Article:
(Or Of The Topography of Tesseracts and the Ineffable Benefits of Entasis) – By John Howe
I spend a fair bit of time pondering the imponderables (that’s why it takes time) of fantasy imagery.
Fantasy imagery has been happening for a long time. In fact no culture, ever, has created ONLY realistic, down-to-earth, day-to-day and otherwise familiar imagery. Everything we set our eyes upon is deified, vilifeid, praised or ridiculed, or, with surprising regularity, sublimated by our desires and aspirations. Hence our dawning century of fantasy art, with little fantasy artists scattered the world over, who peer into looking glasses darkly Alice-fashion, hoping for a glimpse of the invisible, a hint of the ineffable, in the hopes of transcribing the sparkle of that particular glamour on paper/canvas/screen.
Sometimes it seems a shame we don’t build any more temples to Poseidon or Odin or commission artists to decorate the entrances to sacred groves or sculpt pillars for Irminsul. Of course, we can’t any more, at least not with a straight face, not with the scientific age disputing monotheisms for our attention and belief. Serious business, that, and not to be tampered with. So fantasy has packed its gypsy tricks in its tatterdemalion cloak and gone a different road, into make-believe.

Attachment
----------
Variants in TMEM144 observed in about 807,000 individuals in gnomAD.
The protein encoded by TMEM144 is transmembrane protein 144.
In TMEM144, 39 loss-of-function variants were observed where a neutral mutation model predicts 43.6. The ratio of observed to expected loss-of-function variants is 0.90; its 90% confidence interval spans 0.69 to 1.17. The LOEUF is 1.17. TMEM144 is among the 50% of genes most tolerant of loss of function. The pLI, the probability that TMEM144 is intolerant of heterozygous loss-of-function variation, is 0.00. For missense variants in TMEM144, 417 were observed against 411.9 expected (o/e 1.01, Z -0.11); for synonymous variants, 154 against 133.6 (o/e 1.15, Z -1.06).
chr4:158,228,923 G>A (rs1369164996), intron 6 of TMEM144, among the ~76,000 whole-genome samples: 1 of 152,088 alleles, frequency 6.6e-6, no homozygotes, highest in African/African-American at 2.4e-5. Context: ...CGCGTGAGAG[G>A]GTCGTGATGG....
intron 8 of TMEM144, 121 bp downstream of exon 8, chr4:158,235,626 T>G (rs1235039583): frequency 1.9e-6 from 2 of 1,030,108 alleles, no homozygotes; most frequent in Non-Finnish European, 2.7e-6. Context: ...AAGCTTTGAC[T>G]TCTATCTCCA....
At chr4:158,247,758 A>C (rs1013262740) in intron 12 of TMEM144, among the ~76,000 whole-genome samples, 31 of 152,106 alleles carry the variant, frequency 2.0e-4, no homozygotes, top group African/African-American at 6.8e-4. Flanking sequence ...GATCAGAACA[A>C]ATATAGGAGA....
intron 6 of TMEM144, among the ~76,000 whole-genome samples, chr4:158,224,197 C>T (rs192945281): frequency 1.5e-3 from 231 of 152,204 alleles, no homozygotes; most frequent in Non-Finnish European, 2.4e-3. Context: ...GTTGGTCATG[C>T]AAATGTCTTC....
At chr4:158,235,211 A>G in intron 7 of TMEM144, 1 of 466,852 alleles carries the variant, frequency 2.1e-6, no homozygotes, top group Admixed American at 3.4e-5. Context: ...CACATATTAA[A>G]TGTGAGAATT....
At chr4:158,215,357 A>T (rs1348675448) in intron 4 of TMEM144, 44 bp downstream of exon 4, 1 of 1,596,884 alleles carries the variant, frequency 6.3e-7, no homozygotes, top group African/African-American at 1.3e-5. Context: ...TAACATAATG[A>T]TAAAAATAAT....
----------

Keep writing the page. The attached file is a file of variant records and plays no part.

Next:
Perhaps that’s where the saving grace of all this lies. It’s not entirely serious. Because from our extraordinary viewing platform we can see stars for real, poke around inside atoms and count all the numbers everywhere. Quite an accomplishment.
We can believe, often in the face of all evidence, often with grace and happiness, often simply with motions gone through, in whatever ultimate felicity or fate we inherit or choose. Quite a program.
Rather like a buffet – you know those salad bars, where you always try to cram too much on your plate? Sometimes opinions and beliefs to me feel just like that. Something we diligently or dutifully apply to our world rather than something we allow the world to offer because understanding is neither counting atoms nor having an exclusive on the truth. [More]